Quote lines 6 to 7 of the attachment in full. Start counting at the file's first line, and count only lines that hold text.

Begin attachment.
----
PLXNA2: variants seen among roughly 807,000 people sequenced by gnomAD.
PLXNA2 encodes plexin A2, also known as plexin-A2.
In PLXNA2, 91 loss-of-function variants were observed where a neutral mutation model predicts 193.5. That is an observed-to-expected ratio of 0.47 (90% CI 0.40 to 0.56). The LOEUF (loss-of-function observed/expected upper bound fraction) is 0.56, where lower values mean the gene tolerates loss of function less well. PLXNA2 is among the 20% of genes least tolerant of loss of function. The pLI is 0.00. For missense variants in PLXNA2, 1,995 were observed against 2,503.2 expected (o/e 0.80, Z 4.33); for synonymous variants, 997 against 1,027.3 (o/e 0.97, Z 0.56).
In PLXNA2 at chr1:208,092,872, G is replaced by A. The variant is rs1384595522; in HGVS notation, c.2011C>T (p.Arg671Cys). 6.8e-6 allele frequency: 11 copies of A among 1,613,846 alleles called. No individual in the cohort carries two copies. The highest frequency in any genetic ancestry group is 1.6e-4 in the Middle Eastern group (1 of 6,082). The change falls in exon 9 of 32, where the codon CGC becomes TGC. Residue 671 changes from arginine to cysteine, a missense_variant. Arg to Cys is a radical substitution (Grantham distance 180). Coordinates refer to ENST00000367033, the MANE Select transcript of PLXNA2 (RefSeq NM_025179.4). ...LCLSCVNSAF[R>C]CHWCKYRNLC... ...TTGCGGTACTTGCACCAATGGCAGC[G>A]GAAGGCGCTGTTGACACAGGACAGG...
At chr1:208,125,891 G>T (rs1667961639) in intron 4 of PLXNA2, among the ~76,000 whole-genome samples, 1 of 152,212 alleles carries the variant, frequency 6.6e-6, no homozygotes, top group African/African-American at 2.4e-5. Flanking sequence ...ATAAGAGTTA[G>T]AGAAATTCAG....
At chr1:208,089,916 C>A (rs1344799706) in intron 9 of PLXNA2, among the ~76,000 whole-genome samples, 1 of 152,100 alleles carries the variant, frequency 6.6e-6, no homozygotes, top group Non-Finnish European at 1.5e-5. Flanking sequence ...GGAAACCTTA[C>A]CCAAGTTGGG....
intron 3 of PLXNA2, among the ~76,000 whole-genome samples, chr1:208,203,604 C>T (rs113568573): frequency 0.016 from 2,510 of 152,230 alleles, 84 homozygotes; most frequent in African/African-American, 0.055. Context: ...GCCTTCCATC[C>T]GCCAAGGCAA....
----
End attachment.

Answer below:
At chr1:208,089,916 C>A (rs1344799706) in intron 9 of PLXNA2, among the ~76,000 whole-genome samples, 1 of 152,100 alleles carries the variant, frequency 6.6e-6, no homozygotes, top group Non-Finnish European at 1.5e-5. Flanking sequence ...GGAAACCTTA[C>A]CCAAGTTGGG....
intron 3 of PLXNA2, among the ~76,000 whole-genome samples, chr1:208,203,604 C>T (rs113568573): frequency 0.016 from 2,510 of 152,230 alleles, 84 homozygotes; most frequent in African/African-American, 0.055. Context: ...GCCTTCCATC[C>T]GCCAAGGCAA....